Discussion in 'RLC' started by Listener, May 18, 2006.
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Anyone know why the Thomas Bin is called so?
Calling it Gerald would have been silly.
Interesting 1st post though, are you in a pub quiz team?
It's named after its inventor, Sir Reginald Bin.
Thomas's parents, Reginald and Jeanette (nee Trashcan) had him christened Thomas Atkins Gunn Titt Bin at his baptism.
Actually, since Sir Reginald was from the valleys, the item should be referred to as 'Thomas the Bin'
Listener - Let me understand this. You join Arrse on 29 April 2006, you mooch about for a fortnight then in your very first post you ask about a the derivation of the name for a Thomas Bin. Are you OK, or is this really a cry for help? A scream of despair from the slough of despond? One last gut-churning wail of human passion from the slippery drain to hell? An angry challenge metamorphosed by the sludge of unattainable dreams of life into a slow whisper exhaled from the mouth of a cadaver? Or do you have a thing about Thomas Bins?
Is it a bin for Thomas splints.?!!!!!
Nope. That's a has Bin.
I've been through Slough, and it's enough to lead you to despond. Be gentle with him.
Quite correct cloudbuster, and my apologies for omitting Sir Reginald's (and Lady Bin's) title. Come to think of it, wasn't Sir Reginald conferred with the title of Baronet? If so would that now make Thomas, Sir Thomas Bin Bart.
Anyone got the part number for DPM paint ? etc etc
It's not called 'so', it's called Thomas Bin. Do keep up.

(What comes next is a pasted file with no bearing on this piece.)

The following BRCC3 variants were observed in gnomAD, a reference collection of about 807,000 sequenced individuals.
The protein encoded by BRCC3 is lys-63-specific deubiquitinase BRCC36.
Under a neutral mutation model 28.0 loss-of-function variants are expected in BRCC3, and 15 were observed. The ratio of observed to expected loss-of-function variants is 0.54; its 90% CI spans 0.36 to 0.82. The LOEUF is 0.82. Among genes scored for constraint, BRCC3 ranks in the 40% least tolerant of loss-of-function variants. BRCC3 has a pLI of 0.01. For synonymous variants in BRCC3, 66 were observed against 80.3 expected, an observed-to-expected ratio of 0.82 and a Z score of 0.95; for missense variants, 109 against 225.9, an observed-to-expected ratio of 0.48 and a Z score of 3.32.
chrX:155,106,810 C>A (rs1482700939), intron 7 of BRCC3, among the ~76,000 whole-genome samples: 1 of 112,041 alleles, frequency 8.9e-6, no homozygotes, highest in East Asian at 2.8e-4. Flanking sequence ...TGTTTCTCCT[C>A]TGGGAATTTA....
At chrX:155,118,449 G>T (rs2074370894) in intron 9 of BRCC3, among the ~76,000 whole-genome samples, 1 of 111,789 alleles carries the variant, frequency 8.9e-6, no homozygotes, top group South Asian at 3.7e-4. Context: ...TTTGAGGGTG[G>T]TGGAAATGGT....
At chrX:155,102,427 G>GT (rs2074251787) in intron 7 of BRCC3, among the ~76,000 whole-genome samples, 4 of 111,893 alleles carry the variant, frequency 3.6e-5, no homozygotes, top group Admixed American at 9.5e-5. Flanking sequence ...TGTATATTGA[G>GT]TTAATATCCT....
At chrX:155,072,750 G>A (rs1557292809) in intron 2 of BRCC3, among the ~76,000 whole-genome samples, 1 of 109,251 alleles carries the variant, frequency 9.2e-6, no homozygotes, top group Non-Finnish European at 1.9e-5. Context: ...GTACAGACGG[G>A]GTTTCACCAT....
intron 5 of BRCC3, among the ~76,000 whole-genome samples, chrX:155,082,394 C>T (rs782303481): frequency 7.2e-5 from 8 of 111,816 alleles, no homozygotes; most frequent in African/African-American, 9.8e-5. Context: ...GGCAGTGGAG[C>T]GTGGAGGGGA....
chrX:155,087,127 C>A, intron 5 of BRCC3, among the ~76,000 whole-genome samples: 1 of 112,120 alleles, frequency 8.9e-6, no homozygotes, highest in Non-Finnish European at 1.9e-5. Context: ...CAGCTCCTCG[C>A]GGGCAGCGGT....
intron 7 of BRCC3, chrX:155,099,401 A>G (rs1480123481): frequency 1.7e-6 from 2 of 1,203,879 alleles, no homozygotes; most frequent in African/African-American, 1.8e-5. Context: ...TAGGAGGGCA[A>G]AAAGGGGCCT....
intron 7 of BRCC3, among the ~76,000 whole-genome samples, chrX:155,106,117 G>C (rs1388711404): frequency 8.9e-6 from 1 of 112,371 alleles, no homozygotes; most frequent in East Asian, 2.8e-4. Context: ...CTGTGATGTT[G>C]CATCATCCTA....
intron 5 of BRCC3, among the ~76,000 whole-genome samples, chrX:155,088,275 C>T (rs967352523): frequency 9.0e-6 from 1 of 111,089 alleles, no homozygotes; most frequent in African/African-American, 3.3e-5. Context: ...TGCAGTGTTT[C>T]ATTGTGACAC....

Indeed it would Tuna Head, indeed it would.
You having a quiet day, too?
Quiet Day? Yep. Such is the life of a Tuna head in this neck of the woods. On a more serious note, for Listener, and taking to heart cloudbuster's advice to treat you gently, here is the answer:
Brigadier Sydney Thomas, late RASC
Born, 1896; educated at Greenwich Central School; Royal Observatory, Greenwich, 1910-1914; served in the ranks in World War One, 1914-1918; service with Transport and Supply Column, 40 (London) Div, Territorial Force, and 25 Div Motor Transport Company, Army Service Corps, Western Front, 1914-1918; joined 47 (London) Div, Royal Army Service Corps, Territorial Army, 1924; service with Territorial Army, 1924-1951; HM Customs and Excise, 1919-1934; Assistance Board, 1935-1946; transferred to 50 (Northumbrian) Div, Royal Army Service Corps, Territorial Army ; served in World War Two, in France, Cyprus, Iraq, Iran, North Africa and Italy, 1939-1945; awarded OBE, 1940; Commanding Officer, 50 (Northumbrian) Div, Royal Army Service Corps, Territorial Army, Cyprus and North Africa, 1940-1942; awarded DSO, 1942; Deputy Director Supply and Transport, 10 Corps, North Africa and Italy, 1942-1943; Officer Commanding Troops, HMS HILARY, Salerno, Italy, 1943; awarded CBE, 1944; Deputy Director Supply and Transport, British Increment, US 5 Army, Italy, Adapted aluminium storage box in use with US forces as a storage medium for RASC. 1944; Deputy Director Supply and Transport, 8 Army, Italy, 1944-1945; Ministry of Pensions and National Insurance, 1946-1954; Controller, Ministry of Pensions and National Insurance, Newcastle upon Tyne, Northumberland, 1951-1954; UN Adviser, Administration, Burma, 1954-1955; awarded CB, 1955; Under-Secretary (Special Duties), Ministry of Supply, 1956; Under Secretary, Secretary's Department, Admiralty, 1957-1959; UN Adviser, Administration, Nepal, 1959-1962, Asia and Far East, 1962-1964; UN Adviser, Social Security, Iraq, 1965-1966, Trinidad, 1967, and Saudi Arabia, 1971; Member of Institute of Public Administration and the British Institute of Management; died, 1979.
Is he not related to Sir Thomas Bin Lidden, a middle eastern despot of some repute???
Separate names with a comma.